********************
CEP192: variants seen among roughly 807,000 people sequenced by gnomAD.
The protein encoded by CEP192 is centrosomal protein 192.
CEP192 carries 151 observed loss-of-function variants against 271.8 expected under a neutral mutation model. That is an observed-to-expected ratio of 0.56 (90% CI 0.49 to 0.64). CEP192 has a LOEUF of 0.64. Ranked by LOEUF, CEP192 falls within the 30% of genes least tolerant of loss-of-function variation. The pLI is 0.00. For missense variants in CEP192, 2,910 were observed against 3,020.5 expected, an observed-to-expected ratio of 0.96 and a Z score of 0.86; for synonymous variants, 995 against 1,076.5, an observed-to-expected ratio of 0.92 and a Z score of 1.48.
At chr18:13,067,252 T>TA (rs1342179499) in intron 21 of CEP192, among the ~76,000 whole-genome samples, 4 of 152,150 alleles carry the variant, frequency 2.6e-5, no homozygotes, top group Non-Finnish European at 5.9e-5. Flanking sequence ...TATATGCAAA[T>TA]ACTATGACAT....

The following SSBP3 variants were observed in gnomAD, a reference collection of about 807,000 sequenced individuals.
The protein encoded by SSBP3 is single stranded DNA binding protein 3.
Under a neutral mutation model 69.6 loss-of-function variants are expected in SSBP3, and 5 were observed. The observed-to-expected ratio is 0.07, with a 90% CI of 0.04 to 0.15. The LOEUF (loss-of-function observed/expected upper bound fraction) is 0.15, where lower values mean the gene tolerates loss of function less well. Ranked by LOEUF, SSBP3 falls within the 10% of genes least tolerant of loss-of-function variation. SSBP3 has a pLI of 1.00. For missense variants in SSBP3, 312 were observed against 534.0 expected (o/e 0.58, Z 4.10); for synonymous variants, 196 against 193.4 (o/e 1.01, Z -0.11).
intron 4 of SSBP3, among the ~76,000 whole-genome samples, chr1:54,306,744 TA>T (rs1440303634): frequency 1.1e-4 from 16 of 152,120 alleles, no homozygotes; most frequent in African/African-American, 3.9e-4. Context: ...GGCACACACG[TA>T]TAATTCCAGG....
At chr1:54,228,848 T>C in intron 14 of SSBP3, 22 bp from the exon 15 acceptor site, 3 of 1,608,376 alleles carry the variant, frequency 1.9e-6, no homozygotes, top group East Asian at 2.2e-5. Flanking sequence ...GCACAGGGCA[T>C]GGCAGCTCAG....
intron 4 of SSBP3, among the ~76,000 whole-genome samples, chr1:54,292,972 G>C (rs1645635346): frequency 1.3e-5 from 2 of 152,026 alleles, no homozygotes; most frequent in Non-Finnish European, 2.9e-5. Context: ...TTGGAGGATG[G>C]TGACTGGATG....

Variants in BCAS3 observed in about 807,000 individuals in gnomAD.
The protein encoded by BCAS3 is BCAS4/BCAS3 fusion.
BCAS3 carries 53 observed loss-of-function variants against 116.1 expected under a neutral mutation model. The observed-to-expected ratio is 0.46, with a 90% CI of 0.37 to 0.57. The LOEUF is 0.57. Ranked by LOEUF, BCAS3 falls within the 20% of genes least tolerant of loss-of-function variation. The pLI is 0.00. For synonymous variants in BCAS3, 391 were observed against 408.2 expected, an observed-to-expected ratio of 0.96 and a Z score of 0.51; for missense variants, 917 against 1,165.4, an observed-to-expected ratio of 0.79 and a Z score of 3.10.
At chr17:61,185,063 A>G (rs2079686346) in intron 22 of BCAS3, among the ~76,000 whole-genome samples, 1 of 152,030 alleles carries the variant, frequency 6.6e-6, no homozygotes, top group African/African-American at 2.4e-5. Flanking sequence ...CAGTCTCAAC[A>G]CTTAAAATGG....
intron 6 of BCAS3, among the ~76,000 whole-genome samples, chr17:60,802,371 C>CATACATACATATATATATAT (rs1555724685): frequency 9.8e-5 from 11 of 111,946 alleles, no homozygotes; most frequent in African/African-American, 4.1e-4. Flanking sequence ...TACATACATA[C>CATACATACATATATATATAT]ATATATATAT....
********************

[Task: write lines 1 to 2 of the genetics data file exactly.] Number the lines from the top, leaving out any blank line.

CEP192: variants seen among roughly 807,000 people sequenced by gnomAD.
The protein encoded by CEP192 is centrosomal protein 192.